auth:
      enabled: "1"
      username: <proxy-user>
      password: <proxy-password>
  https:
    host: proxy.example.internal
    port: "3128"
    auth:
      enabled: "1"
      username: <proxy-user>
      password: <proxy-password>
  no_proxy:
    - localhost
    - 127.0.0.1
    - github.example.internal
    - circleci.example.internal
    - <nomad-subnet-cidr>
    - <vm-service-cidr>
    - <vpc-or-subnet-cidr>   # VPC or subnets to exclude from the proxy (optional)

4. Deploy

Once you have completed the fields detailed above, you can deploy CircleCI’s core services:

USERNAME=<provided-username>
PASSWORD=<token>
namespace=<your-namespace>
helm registry login cciserver.azurecr.io/circleci-server -u $USERNAME -p $PASSWORD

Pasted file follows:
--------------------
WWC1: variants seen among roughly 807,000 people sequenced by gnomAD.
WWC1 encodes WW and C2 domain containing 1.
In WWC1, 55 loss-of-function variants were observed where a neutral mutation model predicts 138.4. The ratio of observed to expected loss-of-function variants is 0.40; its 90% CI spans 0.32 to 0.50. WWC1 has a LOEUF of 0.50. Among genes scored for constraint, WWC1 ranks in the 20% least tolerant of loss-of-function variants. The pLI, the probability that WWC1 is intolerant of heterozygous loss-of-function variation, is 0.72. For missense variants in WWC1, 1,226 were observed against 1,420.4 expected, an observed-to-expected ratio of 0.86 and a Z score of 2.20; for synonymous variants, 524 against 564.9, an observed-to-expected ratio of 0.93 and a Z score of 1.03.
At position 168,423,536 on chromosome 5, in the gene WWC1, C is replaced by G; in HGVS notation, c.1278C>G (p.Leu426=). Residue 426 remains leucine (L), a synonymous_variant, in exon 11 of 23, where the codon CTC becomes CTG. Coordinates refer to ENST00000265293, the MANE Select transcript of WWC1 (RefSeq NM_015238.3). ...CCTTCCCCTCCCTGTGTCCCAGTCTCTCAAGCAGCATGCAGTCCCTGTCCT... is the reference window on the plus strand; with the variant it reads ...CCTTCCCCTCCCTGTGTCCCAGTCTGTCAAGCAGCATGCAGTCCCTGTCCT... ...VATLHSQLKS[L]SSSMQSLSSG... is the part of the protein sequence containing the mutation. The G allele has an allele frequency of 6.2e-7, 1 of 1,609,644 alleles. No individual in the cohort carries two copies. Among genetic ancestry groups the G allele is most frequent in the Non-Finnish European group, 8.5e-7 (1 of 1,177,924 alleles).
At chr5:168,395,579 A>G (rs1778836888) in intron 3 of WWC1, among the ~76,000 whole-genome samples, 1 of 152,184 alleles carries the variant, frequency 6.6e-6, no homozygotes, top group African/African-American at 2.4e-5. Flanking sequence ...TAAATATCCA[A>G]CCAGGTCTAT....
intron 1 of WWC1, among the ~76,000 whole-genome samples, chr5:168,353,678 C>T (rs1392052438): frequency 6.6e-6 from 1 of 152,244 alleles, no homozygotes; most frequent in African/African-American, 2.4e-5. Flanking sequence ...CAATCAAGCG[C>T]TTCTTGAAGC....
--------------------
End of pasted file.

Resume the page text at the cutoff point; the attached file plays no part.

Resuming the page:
helm install circleci-server oci://cciserver.azurecr.io/circleci-server -n $namespace --version 4.0.0 -f <path-to-values.yaml>

5. Create DNS entry

Create a DNS entry for your NGINX load balancer, for example, circleci.your.domain.com and app.circleci.your.domain.com. The DNS entry should align with the DNS names used when creating your TLS certificate and GitHub OAuth app during the prerequisites steps. All traffic will be routed through this DNS record.

You need the IP address, or, if using AWS, the DNS name of the NGINX load balancer. You can find this information with the following command:

kubectl get service circleci-proxy

For more information on adding a new DNS record, see the following documentation:

6. Validation

You should now be able to navigate to your CircleCI server installation and log in to the application successfully.

Now we will move on to build services. It may take a while for all your services to be up. You can periodically check by running the following command (you are looking for the frontend” pod to show a status of running and ready should show 1/1):

kubectl get pods -n <YOUR_CIRCLECI_NAMESPACE>

Help make this document better

This guide, as well as the rest of our docs, are open source and available on GitHub. We welcome your contributions.